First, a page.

Through a deficit lens, the essential response to learning failures is: What's wrong with this student? This gaze typically leads to a series of instructional moves aimed at "fixing" students through best methods. Through a social constructivist lens, however, "it is impossible to describe adequately any one person's actions without an adequate account of the contexts in which the actions take place" (McDermott, 1976, p. 106). From a social constructivist perspective, the student is not the problem (as in deficit perspective), nor is the teacher the problem (as in ecological perspective). The problem is the problem — and, rather than being the problem, each person "has a relationship with the problem" (Freedman & Combs, 1996, p. 66). Therefore, the essential questions in response to the appearance of learning difficulties are: What's going on here? What teacher moves or conditions of learning make this student (in)competent? (Miller, 1993)

The deficit gaze underpinning special education has proven resistant to critique, perhaps because this stance fits so well with the ideology of individualism that dominates contemporary schooling. Still, because the deficit model diminishes children's life chances and, more seriously, their humanity, continuing to challenge deficit thinking is, we believe, a moral imperative. In the rest of this paper we briefly discuss excerpts from a year-long inquiry project involving four teachers, each of whom worked with students who had acquired a special education label, and the second author who facilitated the inquiry group. The goal of the inquiry was to challenge the teachers to shift their gaze from what students who struggle academically cannot do to what makes them smart?; that is, what conditions of learning, including teacher moves, enabled children to express the native intelligence that ALL children possess? For our purposes, "smart" is similar to Biklen's (2005) notion of "presumed competence."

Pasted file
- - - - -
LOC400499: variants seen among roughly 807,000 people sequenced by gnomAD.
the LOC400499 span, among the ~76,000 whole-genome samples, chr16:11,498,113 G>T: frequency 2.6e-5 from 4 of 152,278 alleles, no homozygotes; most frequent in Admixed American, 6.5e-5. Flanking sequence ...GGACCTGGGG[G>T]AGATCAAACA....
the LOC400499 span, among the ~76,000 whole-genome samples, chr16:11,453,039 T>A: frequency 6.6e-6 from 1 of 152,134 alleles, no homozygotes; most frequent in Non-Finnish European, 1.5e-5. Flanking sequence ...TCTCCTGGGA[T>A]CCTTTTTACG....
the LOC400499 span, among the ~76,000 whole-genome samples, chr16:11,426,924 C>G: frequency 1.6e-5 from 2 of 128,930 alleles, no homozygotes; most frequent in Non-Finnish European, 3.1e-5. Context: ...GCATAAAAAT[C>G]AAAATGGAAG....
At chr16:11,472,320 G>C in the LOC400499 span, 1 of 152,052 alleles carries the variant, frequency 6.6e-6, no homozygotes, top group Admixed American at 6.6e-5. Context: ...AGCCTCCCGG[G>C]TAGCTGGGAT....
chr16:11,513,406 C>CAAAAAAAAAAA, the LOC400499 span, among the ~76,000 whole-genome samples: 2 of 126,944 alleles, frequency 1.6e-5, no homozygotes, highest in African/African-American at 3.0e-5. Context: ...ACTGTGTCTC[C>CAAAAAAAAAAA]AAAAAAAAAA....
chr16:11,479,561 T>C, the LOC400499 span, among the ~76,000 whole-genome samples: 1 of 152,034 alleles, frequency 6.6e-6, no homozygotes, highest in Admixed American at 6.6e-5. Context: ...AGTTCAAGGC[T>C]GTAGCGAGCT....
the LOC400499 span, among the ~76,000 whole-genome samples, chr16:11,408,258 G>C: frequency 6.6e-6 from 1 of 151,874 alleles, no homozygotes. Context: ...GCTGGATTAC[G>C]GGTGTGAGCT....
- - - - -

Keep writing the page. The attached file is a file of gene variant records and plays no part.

Toward a Social Constructivist Gaze